Food and Cancer: Where Does Our Collective Fascination Come From?

As you may know if you are a regular reader of this blog, phony connections between food and various types of cancer (or cures for cancer). Over the past few months, we have been looking at turmeric, tomatoes, coffee and a bunch of other exciting ingredients that do not, in fact, cause or cure cancer in any measurable way. Instead of concentrating on a specific food or beverage, in this post we are going to be looking at our modern obsession with connecting food through the interesting lens of a recent internet post called Cervical Cancer: 7 Foods to Eat to Lower Your Risk. The reason this particular article drew my attention (and may draw yours) is not because it is particularly bad or inaccurate when compared to the rest of the popular “science” or “medicine” articles on the internet. Instead, it is because cervical cancer is one of the very few cancers that does, in fact, have a direct cause: HPV.

Human Papillomavirus (HPV) is believed to be almost entirely responsible for the vast majority of cervical cancer cases in the world. HPV infects cells in the cervix and hijacks their internal molecular machinery, forcing them to replicate uncontrollably. From the perspective of the virus, this is simply a way to propagate, forcing the cell to do its dirty work and make as many new copies of itself as possible. However, from the perspective of the person who is infected with HPV, this is a disaster. The moment the virus manipulates the cervical cells into dividing out-of-control, it starts a series of events that cannot be stopped. Uncontrolled cell division is the first and most crucial step in how cancer develops – and is how HPV ultimately causes cervical cancer. This does not actually only happen in the cervix, but also in the male genitals, the rectum and the throat. HPV is sexually transmitted, which means that its spread can be stopped by practicing safe sex. However, the rates of HPV infection are so high (HPV is symptom-less, and it infects vast percentages of the population in westernized countries) that in order to eradicate it young people all over the world (mostly women) have been immunized against HPV. Vaccination is safe, highly effective and if it is carried out at a high enough rate, consistently for enough years is going to eradicate HPV and, as a result, cervical cancer (as well as slash the rates of throat and rectal cancer).

In other words, while of course there is much to be done in the way of improving treatment, working on vaccination programs and understanding how to treat those who have already been infected with HPV, cervical cancer is one of the few malignancies where we pretty much have it covered. We kinda get it.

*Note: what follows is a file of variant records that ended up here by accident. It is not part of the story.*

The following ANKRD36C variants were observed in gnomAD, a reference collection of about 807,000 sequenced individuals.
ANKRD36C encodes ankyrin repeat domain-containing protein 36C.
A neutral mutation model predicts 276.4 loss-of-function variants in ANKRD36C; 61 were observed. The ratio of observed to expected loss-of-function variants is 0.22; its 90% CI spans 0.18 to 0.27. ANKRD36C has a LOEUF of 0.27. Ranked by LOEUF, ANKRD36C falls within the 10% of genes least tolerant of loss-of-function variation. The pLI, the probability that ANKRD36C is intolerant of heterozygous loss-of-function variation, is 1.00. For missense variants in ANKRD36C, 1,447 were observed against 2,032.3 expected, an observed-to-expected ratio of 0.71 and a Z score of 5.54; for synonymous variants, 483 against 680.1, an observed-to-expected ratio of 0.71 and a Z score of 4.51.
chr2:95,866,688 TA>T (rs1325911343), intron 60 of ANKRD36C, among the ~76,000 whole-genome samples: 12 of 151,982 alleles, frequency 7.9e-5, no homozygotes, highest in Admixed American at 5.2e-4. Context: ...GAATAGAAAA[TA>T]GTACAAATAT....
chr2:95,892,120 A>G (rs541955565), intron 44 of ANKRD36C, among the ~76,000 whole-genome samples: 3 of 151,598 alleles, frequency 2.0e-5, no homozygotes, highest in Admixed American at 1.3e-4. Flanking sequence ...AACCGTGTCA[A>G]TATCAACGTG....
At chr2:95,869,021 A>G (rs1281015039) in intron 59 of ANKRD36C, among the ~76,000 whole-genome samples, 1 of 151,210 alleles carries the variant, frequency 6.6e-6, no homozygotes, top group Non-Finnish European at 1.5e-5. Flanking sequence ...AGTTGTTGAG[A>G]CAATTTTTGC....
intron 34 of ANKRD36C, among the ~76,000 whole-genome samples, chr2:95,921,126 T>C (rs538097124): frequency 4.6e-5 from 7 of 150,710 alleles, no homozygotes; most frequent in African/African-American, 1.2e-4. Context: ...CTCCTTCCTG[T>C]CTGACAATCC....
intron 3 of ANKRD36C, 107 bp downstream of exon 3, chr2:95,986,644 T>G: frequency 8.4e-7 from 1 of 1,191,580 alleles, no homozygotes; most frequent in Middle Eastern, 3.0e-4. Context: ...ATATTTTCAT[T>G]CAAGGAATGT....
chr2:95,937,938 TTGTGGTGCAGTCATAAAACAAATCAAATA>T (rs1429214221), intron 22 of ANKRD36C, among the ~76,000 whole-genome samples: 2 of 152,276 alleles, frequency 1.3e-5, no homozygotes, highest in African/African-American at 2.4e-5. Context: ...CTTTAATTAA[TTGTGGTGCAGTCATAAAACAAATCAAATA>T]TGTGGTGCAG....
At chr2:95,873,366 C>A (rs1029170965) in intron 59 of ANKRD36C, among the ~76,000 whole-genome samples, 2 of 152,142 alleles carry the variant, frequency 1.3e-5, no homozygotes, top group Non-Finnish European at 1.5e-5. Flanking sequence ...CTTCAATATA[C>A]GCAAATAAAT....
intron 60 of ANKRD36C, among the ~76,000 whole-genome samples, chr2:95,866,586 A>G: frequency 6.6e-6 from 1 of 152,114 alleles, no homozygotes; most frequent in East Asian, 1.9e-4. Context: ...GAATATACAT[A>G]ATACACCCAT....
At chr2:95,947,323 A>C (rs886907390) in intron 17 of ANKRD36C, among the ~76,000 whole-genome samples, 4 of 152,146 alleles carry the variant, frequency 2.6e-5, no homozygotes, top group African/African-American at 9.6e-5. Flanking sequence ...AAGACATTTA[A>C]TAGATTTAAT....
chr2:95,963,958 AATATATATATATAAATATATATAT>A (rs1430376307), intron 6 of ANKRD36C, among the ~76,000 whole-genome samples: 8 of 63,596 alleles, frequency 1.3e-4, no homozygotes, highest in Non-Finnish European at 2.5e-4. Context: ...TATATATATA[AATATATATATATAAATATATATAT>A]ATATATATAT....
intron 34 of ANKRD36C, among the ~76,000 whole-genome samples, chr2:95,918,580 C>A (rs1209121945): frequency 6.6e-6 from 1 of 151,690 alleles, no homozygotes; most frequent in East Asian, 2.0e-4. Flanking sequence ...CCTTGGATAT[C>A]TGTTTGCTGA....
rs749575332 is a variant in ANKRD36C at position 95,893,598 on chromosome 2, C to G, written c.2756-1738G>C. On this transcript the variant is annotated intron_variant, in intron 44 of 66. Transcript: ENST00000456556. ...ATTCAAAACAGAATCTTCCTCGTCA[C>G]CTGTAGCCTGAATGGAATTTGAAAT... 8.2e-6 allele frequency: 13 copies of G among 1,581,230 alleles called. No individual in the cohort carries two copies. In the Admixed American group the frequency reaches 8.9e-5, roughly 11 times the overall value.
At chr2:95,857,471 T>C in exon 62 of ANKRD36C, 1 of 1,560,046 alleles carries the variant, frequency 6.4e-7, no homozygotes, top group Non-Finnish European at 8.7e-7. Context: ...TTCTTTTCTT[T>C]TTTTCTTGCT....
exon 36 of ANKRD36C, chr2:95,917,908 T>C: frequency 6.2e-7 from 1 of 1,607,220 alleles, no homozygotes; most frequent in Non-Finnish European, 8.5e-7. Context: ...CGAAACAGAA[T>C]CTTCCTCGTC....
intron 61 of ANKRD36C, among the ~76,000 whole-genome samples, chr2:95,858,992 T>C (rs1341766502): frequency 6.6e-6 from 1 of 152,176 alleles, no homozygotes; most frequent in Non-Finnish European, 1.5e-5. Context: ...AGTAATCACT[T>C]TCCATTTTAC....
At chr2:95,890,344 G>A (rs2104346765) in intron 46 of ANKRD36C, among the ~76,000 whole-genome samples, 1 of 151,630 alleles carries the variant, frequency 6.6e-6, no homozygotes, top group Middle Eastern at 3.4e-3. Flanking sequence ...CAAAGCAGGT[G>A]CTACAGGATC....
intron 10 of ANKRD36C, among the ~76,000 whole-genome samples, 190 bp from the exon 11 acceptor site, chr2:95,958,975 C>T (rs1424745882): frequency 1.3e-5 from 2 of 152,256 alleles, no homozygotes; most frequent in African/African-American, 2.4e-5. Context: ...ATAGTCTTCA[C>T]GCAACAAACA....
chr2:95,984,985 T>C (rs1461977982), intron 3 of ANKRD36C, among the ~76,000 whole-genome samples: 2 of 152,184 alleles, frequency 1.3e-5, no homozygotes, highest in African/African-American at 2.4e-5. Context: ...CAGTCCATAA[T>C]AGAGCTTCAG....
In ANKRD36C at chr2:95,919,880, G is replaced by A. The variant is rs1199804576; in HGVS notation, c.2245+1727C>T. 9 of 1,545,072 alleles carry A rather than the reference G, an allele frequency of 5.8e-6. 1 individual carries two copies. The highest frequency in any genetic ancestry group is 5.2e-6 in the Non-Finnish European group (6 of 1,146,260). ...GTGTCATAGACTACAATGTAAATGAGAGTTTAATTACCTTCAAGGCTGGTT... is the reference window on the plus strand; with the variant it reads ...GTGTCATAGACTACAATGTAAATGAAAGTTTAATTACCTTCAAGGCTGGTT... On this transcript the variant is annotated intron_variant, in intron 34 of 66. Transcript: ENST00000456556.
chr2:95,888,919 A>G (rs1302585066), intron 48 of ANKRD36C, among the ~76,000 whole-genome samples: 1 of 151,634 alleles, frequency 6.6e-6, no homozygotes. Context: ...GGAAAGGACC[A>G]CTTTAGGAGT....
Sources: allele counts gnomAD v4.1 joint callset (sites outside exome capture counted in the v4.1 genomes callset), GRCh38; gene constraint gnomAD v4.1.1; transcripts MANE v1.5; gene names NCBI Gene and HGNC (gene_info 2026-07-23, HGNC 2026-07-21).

What, then, is the point of looking at “7 foods to lower your risk”? We already know how to lower risk. Get vaccinated, practice safe sex and get regular pap scans to make sure you and your doctor can intervene early if you do develop the very early stages of cervical cancer. These are effective, practical things. And yet, the article feels the need to inform us about seven vegetables that may or may not protect us from cervical cancer. Except, of course, they do not. The evidence provided by this type of article is, of course, not actual evidence. It is, at best, a digest of other articles like it. It is complete, unscientific nonsense. Naturally, eating vegetables is good for you. Eating a healthy balanced diet filled with fresh fruits and vegetables is one of the best and easiest thing anyone can do to keep healthy. And all the vegetables on the “anti-cervical cancer” list are healthy options. But they do not, by some magical or natural property other than the fact they are healthy food, prevent people from getting cancer.

The question, then, is why. why do we have this need to find other solutions, aside from the perfectly good ones we already have. The reason bloggers write articles like the one we are discussing here is that people love to read them. But why? The only possible explanation, it seems to me, is that all the good, medically-sound ideas like getting vaccinated, using condoms and getting pap tests all seem menial, boring and somehow ineffectual against the enormity of our fragility. Cancer, the Big C, is one of the few truly terrifying things left in our time. We no longer worry about infant mortality (not really, anyways), dying of pneumonia or smallpox. Those of us who are not straight white men now have legal protection against a lot of what used to terrify us. While the world is still a pretty scary place, it is still a lot less scary than what it used to be. In it, cancer plays a much larger role in the landscape of things that scare us than it used to. And perhaps mere medical recommendations, things to put on your calendar and remember, things that are covered by insurance feel as though they do not have the necessary weight to combat the sense of our own mortality. This keeps us worrying, and it keeps us clicking.

No harm done. Right? I don’t think so. Unfortunately, not everyone is as on board with the magical marvels of modern medicine. People have always doubted technology, and they still do today. Especially, for some reason, when it’s to do with vaccination. And articles like this imply, to the point of suggesting, that medicine isn’t enough, or that it isn’t the only sane choice. Perhaps, some people may think, if you eat all the carrots and dark leafy green in the world, you get to skip the HPV vaccination. Or maybe the pap tests. And that can cost lives, especially considering that most young boys are still not receiving vaccination as a part of their regular schedule.

In other words, please eat the carrots. They are good for you, and delicious. But remember, they are not magical

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